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Major and trace element geochemistry of Lake Bogoria and Lake Nakuru, Kenya, during extreme draught.

Jirsa F, Gruber M, Stojanovic A, Omondi SO, Mader D, Körner W, Schagerl M - Chem. Erde (2013)

Bottom Line: Due to an extreme draught from March to October 2009, the water level of Lake Nakuru dropped significantly.In Lake Bogoria the evapoconcentration effects were less pronounced (total salinity changed from about 40‰ to 48‰).The results show a high abundance of the REE and a very distinct Eu depletion of Eu/Eu* = 0.33-0.45.

View Article: PubMed Central - PubMed

Affiliation: University of Vienna, Institute of Inorganic Chemistry, Währingerstrasse 42, A-1090 Vienna, Austria.

ABSTRACT

The physico-chemical properties of water samples from the two athalassic endorheic lakes Bogoria and Nakuru in Kenya were analysed. Surface water samples were taken between July 2008 and October 2009 in weekly intervals from each lake. The following parameters were determined: pH, salinity, electric conductivity, dissolved organic carbon (DOC), the major cations (FAAS and ICP-OES) and the major anions (IC), as well as certain trace elements (ICP-OES). Samples of superficial sediments were taken in October 2009 and examined using Instrumental Neutron Activation Analysis (INAA) for their major and trace element content including rare earth elements (REE). Both lakes are highly alkaline with a dominance of Na > K > Si > Ca in cations and HCO3 > CO3 > Cl > F > SO4 in anions. Both lakes also exhibited high concentrations of Mo, As and fluoride. Due to an extreme draught from March to October 2009, the water level of Lake Nakuru dropped significantly. This created drastic evapoconcentration, with the total salinity rising from about 20‰ up to 63‰. Most parameters (DOC, Na, K, Ca, F, Mo and As) increased with falling water levels. A clear change in the quality of DOC was observed, followed by an almost complete depletion of dissolved Fe from the water phase. In Lake Bogoria the evapoconcentration effects were less pronounced (total salinity changed from about 40‰ to 48‰). The distributions of REE in the superficial sediments of Lake Nakuru and Lake Bogoria are presented here for the first time. The results show a high abundance of the REE and a very distinct Eu depletion of Eu/Eu* = 0.33-0.45.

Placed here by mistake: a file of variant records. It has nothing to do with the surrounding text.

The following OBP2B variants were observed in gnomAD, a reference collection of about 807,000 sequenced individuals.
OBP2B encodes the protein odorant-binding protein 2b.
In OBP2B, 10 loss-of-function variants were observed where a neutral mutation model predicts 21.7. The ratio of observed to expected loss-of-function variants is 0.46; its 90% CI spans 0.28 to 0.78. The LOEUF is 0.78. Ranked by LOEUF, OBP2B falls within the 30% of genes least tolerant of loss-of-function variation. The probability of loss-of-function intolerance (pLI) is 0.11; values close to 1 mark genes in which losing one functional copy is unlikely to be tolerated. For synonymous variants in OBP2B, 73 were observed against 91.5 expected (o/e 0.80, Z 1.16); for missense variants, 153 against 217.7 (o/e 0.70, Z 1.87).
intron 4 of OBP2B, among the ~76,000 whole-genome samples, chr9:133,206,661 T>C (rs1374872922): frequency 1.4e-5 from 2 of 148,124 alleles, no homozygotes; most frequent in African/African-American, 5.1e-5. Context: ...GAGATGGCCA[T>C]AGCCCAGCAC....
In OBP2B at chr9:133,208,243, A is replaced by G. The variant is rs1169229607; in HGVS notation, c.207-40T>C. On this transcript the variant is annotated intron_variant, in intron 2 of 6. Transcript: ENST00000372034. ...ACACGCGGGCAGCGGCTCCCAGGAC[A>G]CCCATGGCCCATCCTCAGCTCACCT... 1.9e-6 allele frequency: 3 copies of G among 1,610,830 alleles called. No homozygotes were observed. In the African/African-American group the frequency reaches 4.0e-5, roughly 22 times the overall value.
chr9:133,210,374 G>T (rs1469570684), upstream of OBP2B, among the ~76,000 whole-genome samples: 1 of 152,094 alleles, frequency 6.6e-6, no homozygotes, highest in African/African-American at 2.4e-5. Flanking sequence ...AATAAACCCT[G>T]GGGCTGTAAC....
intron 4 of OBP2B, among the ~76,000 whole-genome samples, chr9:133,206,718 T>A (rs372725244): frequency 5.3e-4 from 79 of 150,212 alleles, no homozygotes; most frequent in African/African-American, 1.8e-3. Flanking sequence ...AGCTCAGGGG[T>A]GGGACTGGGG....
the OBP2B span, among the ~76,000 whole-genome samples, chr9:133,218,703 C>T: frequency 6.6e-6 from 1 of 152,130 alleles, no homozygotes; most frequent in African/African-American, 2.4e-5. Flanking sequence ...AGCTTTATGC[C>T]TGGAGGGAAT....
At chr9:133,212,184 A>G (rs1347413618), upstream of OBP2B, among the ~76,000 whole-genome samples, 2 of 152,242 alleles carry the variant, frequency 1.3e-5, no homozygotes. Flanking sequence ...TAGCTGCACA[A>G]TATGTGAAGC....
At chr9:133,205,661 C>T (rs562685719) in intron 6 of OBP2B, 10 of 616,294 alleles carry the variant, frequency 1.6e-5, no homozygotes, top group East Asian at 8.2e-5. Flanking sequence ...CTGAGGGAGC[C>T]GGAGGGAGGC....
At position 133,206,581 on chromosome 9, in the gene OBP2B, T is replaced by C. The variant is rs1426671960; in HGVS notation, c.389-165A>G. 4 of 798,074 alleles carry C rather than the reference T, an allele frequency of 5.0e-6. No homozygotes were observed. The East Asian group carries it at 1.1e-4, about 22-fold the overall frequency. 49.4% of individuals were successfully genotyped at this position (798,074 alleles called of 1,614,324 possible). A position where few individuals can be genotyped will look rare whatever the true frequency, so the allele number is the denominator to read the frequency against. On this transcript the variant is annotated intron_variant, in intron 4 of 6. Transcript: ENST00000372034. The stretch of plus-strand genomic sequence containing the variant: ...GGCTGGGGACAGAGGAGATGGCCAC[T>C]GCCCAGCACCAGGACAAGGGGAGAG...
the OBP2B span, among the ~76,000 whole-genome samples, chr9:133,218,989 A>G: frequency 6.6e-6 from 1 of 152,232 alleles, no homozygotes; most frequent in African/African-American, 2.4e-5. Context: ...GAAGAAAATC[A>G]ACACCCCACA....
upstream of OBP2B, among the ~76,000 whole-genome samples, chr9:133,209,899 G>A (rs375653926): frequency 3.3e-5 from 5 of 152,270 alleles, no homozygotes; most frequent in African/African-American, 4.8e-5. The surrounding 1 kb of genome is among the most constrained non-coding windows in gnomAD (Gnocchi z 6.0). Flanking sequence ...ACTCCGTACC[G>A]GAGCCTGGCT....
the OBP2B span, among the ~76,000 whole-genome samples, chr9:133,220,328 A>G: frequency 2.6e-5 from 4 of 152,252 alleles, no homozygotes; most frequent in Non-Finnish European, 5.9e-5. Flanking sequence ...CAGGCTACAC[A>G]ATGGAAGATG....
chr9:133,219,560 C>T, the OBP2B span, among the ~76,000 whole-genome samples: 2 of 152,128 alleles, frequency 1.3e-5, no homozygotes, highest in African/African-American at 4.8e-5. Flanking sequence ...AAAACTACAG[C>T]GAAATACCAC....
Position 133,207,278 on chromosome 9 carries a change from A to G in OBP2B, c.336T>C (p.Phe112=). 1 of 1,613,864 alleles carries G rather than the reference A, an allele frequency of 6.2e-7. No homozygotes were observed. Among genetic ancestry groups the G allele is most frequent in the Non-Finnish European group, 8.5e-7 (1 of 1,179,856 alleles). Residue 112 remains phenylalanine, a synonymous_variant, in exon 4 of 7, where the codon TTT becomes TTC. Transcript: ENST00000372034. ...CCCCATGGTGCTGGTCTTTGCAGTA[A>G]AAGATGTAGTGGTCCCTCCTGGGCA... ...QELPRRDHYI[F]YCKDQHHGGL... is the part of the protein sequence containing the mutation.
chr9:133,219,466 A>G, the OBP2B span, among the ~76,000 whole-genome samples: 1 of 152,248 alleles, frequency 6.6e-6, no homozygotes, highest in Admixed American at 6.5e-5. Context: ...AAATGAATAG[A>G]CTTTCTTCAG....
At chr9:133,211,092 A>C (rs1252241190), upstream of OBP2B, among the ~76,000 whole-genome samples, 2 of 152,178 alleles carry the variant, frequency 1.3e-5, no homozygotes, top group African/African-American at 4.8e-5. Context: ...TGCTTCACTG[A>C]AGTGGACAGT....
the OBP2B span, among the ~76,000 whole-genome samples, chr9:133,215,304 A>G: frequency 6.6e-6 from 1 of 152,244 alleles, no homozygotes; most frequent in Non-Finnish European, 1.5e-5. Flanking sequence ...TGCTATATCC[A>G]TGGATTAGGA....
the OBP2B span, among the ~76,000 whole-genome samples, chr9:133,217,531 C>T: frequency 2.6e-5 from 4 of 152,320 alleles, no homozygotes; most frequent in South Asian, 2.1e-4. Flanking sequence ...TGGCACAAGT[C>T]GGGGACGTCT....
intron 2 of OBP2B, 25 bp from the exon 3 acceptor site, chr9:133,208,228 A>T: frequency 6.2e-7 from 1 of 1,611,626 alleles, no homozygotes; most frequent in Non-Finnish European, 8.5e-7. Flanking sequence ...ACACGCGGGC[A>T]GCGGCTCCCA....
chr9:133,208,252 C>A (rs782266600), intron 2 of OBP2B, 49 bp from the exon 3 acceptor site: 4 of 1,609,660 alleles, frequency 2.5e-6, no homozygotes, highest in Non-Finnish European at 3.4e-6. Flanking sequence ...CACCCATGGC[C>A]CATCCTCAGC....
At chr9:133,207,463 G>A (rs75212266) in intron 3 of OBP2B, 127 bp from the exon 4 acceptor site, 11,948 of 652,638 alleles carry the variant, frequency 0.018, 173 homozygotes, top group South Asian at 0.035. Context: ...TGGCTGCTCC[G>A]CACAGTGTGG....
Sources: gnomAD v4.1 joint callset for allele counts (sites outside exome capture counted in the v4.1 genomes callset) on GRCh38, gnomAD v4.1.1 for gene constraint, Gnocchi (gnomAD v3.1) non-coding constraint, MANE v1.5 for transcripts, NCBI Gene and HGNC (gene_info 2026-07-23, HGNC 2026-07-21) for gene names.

No MeSH data available.


Related in: MedlinePlus

Photo of Lake Nakuru from the Baboon Cliff (southwest of the lake) in October 2009, the dotted line showing the shoreline in June 2008.
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fig0015: Photo of Lake Nakuru from the Baboon Cliff (southwest of the lake) in October 2009, the dotted line showing the shoreline in June 2008.

Mentions: Precipitation data for the two lakes are presented in Fig. 2 and compared with the mean monthly rainfall from 1987 to 2006, as measured for Lake Nakuru by the Nakuru meteorological station. For both lakes, rainfall declined significantly compared to the longtime mean, especially during the rainy season from April to July. These deficiencies in precipitation led to a major drop in the depth of Lake Nakuru and a drastic retraction of the waterline (Fig. 3). For Lake Bogoria, no such clear retraction took place, probably due to its much smaller surface/volume ratio and the continuous inflow of thermal wells. Nonetheless, a reduction of volume was observed here as well, indicated by rising concentrations of salts (see below). Although distinct fluctuations in the water level and shoreline of Lake Nakuru have been described before, amongst others by Burgis and Morris (1987), the drastic reduction of lake water during the present survey is exceptionally high; this led to a near dry-out of the lake, a situation last described in 1962 (Burgis and Morris, 1987).